Some have stepped out altogether, says Chris Suranna, vice president of RLAH Real Estate in Washington, D.C.
“Many who are vaccinated are taking vacations and taking a break from the white-hot market. We even have had a few clients taking what we are calling ‘revenge vacations,’ meaning more than one to make up for last year,” says Suranna. “They are exhausted with so many offers and no results. Also, the lack of inventory at reasonable prices is a big problem.”
Signs of softening have begun to show, however. For the company’s latest report, Todd Teta, chief product officer with ATTOM, stated the coronavirus pandemic is easing, and the U.S. economy is gradually coming back to life, “which suggests that the nation’s housing market will indeed escape any major damage from the crisis.”
Several elements are shrouded in uncertainty, however. Federal moratoriums recently expired, with only a few housing agencies choosing to extend deadlines. Nearly 1.5 million homeowners were past due on their mortgages in June and more than 7 million renters are behind on their rent, according to NPR. The Associated Press reports that the $2.4 billion in aid to renters and landlords has not yet been distributed, leaving them at a standstill.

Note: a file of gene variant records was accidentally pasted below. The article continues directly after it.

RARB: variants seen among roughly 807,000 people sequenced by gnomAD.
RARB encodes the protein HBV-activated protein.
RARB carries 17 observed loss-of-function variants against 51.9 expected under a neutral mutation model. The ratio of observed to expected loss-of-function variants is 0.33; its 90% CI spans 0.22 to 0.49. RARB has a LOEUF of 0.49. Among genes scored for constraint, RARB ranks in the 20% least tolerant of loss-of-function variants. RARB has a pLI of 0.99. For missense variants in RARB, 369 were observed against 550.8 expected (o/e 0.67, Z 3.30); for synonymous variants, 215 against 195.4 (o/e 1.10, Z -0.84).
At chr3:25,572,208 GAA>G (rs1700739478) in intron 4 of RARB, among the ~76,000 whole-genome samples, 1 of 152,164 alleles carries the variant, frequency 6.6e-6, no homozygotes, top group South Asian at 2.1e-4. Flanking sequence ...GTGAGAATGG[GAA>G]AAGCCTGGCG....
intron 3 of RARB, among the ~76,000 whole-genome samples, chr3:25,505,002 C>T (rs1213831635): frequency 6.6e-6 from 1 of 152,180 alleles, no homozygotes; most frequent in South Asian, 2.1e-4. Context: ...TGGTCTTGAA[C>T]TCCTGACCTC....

Despite looming fears of an eviction and foreclosure wave, or concerns surrounding COVID and its variants, all industry members agree on one thing: nationwide, we’ve seen measurable progress. Forty-two percent of respondents say “we have improved,” but business is not yet back to normal.
You can see our findings in full detail below:
Interested in reading about other real estate insights? Liz Dominguez is RISMedia’s senior online editor. Email her your real estate news and survey ideas to firstname.lastname@example.org.